Judgment and decision-making bias in representative negotiation selection and evaluation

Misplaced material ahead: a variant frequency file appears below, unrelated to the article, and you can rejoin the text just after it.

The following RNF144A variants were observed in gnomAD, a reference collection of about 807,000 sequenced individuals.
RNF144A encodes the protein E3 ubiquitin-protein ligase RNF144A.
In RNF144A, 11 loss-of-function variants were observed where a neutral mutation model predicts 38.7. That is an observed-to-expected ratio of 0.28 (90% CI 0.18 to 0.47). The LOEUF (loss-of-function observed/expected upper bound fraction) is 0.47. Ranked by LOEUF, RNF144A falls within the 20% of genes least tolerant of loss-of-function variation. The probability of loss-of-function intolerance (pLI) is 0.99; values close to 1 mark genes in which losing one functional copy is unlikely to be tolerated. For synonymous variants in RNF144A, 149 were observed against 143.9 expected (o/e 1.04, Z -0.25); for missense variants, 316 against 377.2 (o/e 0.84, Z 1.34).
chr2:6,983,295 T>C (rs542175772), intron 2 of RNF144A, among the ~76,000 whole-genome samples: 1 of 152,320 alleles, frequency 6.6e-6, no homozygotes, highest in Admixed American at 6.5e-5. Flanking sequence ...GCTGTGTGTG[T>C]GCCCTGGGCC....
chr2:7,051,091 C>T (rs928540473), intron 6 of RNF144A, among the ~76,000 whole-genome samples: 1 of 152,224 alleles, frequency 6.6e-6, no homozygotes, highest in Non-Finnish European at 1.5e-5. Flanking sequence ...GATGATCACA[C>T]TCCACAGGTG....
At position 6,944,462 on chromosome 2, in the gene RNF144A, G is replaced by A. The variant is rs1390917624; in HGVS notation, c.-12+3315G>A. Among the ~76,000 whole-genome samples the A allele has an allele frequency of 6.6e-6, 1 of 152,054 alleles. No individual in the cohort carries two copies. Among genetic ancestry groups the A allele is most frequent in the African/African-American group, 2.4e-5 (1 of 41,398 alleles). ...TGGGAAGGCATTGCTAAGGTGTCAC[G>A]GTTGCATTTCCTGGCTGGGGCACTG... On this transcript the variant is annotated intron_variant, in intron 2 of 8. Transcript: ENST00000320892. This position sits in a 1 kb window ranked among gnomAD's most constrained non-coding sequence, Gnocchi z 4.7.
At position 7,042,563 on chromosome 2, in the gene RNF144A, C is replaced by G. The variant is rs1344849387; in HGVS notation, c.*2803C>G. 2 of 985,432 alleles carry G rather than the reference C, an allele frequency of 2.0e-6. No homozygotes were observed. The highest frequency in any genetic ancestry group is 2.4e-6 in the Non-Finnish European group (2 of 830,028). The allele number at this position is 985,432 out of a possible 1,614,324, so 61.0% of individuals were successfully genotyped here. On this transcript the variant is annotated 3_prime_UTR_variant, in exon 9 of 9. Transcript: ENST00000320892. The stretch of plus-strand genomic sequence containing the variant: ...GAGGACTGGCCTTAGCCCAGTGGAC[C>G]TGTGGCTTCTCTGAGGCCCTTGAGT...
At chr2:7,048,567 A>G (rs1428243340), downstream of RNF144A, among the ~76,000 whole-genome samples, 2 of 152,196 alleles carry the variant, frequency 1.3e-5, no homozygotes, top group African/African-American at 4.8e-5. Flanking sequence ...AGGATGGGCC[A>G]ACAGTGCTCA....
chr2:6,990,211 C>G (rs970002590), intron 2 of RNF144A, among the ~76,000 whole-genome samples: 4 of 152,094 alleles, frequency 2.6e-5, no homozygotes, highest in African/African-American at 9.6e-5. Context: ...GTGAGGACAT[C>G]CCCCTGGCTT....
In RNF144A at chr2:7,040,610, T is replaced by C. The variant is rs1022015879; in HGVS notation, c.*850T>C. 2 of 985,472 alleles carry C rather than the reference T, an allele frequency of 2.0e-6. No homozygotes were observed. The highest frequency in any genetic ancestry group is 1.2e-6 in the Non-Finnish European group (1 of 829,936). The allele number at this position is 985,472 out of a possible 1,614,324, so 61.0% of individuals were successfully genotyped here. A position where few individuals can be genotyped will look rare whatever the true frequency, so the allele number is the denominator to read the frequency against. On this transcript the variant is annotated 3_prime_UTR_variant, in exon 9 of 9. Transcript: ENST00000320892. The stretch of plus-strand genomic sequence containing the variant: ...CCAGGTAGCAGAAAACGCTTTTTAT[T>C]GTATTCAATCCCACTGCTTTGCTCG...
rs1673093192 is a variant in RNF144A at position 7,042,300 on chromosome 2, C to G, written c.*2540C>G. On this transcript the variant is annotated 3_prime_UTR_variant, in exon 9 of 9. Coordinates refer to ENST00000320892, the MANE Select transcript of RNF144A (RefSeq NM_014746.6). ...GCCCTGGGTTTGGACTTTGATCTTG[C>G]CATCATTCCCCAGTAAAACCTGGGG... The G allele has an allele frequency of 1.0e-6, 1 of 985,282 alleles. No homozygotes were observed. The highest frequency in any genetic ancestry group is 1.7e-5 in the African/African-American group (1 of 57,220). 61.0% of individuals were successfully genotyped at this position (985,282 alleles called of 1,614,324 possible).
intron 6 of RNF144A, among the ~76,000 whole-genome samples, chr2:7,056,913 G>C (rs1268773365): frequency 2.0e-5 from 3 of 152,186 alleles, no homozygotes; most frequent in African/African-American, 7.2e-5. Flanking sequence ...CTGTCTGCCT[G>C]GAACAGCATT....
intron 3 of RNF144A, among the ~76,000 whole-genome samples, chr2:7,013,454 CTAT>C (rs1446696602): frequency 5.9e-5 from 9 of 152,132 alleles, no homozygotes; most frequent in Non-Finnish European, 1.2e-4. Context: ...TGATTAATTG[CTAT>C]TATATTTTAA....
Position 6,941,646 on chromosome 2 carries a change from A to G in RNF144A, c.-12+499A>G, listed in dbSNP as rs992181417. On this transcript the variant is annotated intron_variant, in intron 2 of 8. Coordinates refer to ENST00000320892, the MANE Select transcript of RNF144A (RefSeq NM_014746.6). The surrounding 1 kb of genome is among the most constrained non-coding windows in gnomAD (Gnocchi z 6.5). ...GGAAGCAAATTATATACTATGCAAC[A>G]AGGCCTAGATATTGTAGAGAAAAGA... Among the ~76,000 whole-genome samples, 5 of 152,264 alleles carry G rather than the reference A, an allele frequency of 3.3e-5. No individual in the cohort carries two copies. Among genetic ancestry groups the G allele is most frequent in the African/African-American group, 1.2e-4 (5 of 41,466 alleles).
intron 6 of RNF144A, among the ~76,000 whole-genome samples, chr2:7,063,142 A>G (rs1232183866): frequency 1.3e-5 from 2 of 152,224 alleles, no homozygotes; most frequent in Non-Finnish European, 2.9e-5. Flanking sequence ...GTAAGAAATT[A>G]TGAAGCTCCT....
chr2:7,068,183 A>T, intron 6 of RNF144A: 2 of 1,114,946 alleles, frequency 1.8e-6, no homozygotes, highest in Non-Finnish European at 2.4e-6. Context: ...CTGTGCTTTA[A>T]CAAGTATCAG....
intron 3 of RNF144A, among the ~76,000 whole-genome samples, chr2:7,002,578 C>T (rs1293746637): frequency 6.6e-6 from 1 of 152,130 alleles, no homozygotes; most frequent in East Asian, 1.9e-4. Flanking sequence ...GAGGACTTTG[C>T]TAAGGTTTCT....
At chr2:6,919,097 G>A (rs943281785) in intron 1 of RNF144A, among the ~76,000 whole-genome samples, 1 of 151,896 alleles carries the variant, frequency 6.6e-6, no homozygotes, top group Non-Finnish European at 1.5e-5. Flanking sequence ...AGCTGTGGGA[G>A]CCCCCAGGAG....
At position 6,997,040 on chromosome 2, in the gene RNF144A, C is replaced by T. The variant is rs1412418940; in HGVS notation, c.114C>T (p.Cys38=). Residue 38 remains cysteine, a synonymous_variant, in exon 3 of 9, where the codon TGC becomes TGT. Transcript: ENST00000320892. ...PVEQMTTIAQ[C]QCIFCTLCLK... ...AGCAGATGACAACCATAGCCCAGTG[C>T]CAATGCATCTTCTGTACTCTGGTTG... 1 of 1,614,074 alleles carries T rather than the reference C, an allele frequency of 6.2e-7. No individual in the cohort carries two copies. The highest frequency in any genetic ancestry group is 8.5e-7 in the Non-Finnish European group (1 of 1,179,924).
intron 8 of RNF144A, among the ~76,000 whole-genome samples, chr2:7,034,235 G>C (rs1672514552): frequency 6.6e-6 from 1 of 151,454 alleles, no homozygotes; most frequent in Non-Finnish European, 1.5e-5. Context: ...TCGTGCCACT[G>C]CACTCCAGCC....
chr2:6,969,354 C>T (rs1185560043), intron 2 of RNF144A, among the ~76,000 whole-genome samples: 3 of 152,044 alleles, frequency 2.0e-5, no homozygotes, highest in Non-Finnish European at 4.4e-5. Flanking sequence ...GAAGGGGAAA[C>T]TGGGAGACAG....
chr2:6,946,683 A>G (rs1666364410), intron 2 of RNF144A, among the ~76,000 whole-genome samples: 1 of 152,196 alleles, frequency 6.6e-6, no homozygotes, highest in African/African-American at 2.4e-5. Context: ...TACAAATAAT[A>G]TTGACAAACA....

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Representatives are frequently sought by groups and individuals to handle their negotiations. While much research has been dedicated to understanding representative negotiation processes and outcomes, to date there exists little research on how constituents choose and appraise their representatives in negotiation. One factor that makes this gap especially alarming is the extant research on other areas of representative negotiation, which regularly demonstrates that both constituents and agents are prone to biases, heuristic overuse, and constituent influence. In our initial work, we found a systematic bias in constituent selection and evaluation processes of their representatives, such that highly optimistic representatives are evaluated better than more realistic ones, even when they fail to come through. Across six studies, this dissertation focuses on testing hypotheses regarding the cognitive mechanism which gives rise to this phenomenon, as well as further understanding downstream implications of the representative offer bias. Study 1 found that constituents are biased by their representatives’ offers even when they did not choose them. Study 2 demonstrated that offers bias constituents when negotiations are framed around losses. Studies 3A & B provided evidence that constituents will be persistent in rejecting offers in multi-shot negotiations. Studies 4 and 5 tested whether offers bias constituent risk perception relative to representative assessments and advice finding mixed evidence. Study 6 combined data from a number of state and individual difference measures collected from Studies 1-5 to test hypotheses related to power, control, bullshit receptivity, and optimism, finding generally weak or no support. Together, these findings demonstrate that when a representative reasonably overpromises, they are given more of a halo than they are horns - not to mention being more likely to receive the job to begin with. Beyond evaluation, representative offers appear to bias constituent behavior within the negotiation, though representatives can reorient their constituents with information potential outcomes.
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